Jason Lee as Syndrome in The Incredibles

(Photo by Walt Disney/courtesy Everett Collection)

Jason Lee burst onto the scene as Kevin Smith’s id, Brodie Bruce, in 1995’s Mallrats. Though the film was a failure for Universal, it showed off the former professional skater’s skills as a likeable comedy player. Though Smith tried to give him something more serious to do in Chasing Amy and cast him as the devilish Azreal in Dogma, his work outside of the ViewAskew-niverse mainly saw him delivering punchlines, primarily as the star of NBC sitcom My Name Is Earl. But with The Incredibles, he proved his acerbic voice could be used to convey dismay, anger, and bitterness in the form of fanboy-turned-villain Syndrome. That likeable charisma withered as the character attempted to make everyone super and, by extension, ordinary. Despite a few bursts of family-friendly comedy from the character, he proved to be a formidable philosophical opponent for the Parr family.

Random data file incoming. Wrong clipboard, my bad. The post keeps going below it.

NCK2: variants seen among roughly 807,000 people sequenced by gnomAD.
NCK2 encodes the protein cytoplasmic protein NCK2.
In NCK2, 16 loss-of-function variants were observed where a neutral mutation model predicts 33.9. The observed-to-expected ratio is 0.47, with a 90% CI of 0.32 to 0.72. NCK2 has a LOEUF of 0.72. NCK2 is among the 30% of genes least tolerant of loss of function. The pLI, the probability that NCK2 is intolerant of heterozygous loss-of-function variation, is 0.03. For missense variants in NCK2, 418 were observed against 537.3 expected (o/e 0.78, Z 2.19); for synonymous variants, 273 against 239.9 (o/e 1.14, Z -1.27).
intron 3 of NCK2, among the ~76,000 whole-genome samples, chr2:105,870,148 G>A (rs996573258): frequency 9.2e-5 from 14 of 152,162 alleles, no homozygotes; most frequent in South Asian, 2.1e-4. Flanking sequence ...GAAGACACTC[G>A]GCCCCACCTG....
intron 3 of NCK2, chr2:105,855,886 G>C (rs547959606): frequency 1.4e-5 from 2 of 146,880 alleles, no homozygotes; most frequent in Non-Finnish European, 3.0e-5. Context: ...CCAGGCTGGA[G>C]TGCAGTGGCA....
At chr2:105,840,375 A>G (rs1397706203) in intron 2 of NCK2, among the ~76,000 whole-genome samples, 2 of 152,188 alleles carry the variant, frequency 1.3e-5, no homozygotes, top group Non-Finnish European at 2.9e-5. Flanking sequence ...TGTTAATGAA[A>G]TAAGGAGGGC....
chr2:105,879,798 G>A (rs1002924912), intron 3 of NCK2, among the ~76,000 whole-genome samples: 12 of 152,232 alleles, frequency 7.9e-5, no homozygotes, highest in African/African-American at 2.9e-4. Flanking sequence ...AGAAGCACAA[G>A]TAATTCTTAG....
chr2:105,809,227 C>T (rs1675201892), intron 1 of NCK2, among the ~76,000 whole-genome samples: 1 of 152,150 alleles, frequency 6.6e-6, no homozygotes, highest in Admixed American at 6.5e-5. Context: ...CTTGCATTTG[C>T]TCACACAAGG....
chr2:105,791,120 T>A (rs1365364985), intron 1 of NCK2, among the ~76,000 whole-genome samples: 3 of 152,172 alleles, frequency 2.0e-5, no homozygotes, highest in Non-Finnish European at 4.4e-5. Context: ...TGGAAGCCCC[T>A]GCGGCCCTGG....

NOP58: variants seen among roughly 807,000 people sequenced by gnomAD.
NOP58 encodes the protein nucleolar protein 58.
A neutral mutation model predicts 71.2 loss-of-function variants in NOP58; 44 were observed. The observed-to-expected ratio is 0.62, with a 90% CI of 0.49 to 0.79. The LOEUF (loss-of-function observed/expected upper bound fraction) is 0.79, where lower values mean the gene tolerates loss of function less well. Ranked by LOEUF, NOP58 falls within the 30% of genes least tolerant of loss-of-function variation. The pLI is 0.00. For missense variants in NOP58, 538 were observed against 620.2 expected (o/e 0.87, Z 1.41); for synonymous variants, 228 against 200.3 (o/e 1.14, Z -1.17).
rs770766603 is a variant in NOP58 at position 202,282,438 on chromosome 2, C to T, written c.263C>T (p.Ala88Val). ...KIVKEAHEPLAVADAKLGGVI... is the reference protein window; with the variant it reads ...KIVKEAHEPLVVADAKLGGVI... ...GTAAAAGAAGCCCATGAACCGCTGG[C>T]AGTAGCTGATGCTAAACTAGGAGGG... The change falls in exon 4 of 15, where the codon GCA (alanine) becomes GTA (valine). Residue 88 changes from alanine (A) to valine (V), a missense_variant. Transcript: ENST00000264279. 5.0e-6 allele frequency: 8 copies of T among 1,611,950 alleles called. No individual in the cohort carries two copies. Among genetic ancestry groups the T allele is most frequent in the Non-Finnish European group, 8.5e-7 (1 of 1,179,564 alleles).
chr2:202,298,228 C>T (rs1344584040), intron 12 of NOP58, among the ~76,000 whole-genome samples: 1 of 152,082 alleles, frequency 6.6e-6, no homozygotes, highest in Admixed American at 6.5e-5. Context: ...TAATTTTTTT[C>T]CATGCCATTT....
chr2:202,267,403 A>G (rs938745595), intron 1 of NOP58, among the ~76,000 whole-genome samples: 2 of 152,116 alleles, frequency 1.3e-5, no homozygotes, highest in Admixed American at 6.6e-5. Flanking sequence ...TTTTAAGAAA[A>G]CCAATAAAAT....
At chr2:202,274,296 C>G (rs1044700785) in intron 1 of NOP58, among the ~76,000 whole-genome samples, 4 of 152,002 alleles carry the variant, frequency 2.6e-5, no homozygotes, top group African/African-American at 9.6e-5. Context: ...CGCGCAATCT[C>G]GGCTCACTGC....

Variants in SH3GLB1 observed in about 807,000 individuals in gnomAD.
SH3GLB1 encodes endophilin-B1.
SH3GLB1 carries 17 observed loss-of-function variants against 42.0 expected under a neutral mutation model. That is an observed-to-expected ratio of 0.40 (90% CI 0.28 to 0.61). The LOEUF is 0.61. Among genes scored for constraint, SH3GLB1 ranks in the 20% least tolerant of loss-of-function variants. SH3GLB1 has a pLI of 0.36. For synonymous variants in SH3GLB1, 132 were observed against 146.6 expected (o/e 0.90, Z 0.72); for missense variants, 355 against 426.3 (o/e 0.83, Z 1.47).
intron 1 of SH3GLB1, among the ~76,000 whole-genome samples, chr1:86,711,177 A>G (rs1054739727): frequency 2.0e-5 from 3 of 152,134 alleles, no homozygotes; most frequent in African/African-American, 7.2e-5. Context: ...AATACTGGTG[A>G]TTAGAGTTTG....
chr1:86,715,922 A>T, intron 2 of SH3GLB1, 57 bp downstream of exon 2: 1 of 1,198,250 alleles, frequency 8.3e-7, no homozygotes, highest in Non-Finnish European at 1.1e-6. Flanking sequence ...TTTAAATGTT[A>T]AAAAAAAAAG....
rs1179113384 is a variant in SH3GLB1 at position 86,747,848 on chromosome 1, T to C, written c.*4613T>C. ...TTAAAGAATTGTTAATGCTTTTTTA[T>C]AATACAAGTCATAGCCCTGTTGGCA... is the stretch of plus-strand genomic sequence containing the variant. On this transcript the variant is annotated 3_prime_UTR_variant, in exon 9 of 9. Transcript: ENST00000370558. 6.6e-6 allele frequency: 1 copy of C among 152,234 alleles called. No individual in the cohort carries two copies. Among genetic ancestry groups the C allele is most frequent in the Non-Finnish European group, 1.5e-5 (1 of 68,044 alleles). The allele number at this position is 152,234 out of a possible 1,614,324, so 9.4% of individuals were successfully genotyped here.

Jim Carrey as The Riddler in Batman Forever


By the time Jim Carrey knocked Robin Williams out of the running as the obvious choice to play The Riddler, he was the leading force in film comedy (never mind that well-received dramatic turn in the Fox TV movie Doing Time on Maple Drive). Like Foxx, he became a household name on In Living Color with outlandish characters like Fire Marshall Bill, but quickly parlayed that shtick into leading roles in Ace Ventura: Pet DetectiveThe Mask, and Dumb & Dumber. In coming to Gotham City, he needed to use those skills while still presenting a serious threat to the Dynamic Duo — or, at least, as serious a threat as he could muster considering the film series’ slide into toyetic spectacle. Viewed in those terms, however, he fits right in as Frank Gorshin’s successor in the green spandex. Loud, bright, and full of Carrey’s manic energy, he made for a fitting contrast to Val Kilmer’s nearly emotionless Batman.


Danny DeVito as The Penguin in Batman Returns

(Photo by Warner Bros. / Courtesy: Everett Collection)